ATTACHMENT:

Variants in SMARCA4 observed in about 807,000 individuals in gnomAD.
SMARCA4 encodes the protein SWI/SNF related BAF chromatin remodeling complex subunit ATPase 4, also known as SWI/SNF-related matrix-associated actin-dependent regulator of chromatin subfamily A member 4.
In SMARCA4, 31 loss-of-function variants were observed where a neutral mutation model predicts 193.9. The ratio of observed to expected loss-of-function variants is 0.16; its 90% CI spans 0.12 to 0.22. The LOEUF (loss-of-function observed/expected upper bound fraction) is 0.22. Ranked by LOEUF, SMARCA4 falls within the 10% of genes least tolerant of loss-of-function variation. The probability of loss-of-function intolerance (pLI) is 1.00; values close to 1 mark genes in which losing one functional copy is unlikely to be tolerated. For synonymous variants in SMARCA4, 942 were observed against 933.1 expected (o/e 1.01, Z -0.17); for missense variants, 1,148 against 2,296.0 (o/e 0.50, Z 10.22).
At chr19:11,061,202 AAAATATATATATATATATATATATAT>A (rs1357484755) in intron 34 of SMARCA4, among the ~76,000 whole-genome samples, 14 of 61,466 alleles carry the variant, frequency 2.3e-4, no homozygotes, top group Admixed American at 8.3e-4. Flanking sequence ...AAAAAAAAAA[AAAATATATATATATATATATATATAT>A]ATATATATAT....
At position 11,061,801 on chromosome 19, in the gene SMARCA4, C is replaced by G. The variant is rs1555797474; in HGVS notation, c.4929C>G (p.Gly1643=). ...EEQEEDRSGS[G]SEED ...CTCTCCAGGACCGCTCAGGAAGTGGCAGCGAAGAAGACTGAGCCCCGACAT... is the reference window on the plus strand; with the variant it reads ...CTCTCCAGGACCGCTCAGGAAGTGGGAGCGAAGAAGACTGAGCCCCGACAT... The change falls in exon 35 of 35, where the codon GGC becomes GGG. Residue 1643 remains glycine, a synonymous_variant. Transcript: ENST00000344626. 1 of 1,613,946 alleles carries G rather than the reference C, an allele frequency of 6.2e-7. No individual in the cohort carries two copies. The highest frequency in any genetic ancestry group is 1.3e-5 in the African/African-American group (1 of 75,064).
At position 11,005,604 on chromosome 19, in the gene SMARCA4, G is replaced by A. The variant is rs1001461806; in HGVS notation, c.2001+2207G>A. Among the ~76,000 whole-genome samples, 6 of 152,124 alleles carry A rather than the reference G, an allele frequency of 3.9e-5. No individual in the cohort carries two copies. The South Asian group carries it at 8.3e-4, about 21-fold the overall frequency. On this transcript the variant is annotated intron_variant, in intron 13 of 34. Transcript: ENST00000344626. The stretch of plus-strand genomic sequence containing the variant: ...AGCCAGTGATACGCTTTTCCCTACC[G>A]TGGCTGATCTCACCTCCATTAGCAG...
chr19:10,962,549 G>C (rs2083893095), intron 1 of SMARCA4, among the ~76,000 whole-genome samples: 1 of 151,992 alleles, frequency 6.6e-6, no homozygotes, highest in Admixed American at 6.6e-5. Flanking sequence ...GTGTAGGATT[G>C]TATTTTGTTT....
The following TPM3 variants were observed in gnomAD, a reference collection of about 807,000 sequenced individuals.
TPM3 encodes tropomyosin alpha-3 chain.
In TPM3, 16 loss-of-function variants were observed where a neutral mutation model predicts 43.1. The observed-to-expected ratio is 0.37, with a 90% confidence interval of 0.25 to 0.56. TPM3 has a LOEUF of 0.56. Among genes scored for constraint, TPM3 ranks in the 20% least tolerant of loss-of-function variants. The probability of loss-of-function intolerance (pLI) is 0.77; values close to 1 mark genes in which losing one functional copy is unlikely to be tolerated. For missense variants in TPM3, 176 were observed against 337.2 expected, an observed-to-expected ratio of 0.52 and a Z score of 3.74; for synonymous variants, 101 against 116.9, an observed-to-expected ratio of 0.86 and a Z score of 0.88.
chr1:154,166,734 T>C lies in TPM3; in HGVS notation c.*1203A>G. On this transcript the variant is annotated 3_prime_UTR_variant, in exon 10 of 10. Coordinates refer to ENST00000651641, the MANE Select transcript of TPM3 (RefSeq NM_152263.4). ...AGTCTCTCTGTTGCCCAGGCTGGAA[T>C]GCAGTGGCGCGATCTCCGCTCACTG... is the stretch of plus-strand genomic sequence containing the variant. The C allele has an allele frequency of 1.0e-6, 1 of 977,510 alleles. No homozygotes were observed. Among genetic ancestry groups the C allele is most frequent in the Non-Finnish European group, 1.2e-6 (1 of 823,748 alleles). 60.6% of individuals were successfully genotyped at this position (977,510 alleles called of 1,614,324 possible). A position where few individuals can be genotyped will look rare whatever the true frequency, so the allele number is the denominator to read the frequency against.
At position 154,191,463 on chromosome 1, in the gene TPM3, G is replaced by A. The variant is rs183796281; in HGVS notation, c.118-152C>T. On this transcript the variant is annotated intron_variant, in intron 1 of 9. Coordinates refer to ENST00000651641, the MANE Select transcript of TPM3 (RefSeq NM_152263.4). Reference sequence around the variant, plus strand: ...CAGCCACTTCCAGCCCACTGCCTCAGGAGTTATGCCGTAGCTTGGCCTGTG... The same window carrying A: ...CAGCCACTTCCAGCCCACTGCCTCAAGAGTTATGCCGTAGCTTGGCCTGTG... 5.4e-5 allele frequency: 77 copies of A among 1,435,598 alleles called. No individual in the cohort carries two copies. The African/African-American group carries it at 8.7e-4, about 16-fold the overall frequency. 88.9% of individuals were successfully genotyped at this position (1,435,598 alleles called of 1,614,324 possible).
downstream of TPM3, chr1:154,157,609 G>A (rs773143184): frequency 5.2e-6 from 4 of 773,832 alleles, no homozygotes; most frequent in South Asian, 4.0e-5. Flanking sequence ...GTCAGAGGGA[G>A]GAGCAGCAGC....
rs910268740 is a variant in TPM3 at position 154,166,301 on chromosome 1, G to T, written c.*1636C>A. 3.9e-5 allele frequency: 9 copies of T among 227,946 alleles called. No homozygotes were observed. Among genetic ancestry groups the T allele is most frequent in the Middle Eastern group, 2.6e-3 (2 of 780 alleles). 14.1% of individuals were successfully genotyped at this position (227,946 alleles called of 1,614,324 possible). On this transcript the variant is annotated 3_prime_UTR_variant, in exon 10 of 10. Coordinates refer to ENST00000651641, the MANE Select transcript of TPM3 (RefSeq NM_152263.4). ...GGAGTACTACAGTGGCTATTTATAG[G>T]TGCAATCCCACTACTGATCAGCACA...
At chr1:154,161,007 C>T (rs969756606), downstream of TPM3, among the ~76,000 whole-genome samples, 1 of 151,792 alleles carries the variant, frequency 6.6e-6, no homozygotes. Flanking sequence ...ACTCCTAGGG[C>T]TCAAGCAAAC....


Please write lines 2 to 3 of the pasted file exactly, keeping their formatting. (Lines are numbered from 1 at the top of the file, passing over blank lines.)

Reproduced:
SMARCA4 encodes the protein SWI/SNF related BAF chromatin remodeling complex subunit ATPase 4, also known as SWI/SNF-related matrix-associated actin-dependent regulator of chromatin subfamily A member 4.
In SMARCA4, 31 loss-of-function variants were observed where a neutral mutation model predicts 193.9. The ratio of observed to expected loss-of-function variants is 0.16; its 90% CI spans 0.12 to 0.22. The LOEUF (loss-of-function observed/expected upper bound fraction) is 0.22. Ranked by LOEUF, SMARCA4 falls within the 10% of genes least tolerant of loss-of-function variation. The probability of loss-of-function intolerance (pLI) is 1.00; values close to 1 mark genes in which losing one functional copy is unlikely to be tolerated. For synonymous variants in SMARCA4, 942 were observed against 933.1 expected (o/e 1.01, Z -0.17); for missense variants, 1,148 against 2,296.0 (o/e 0.50, Z 10.22).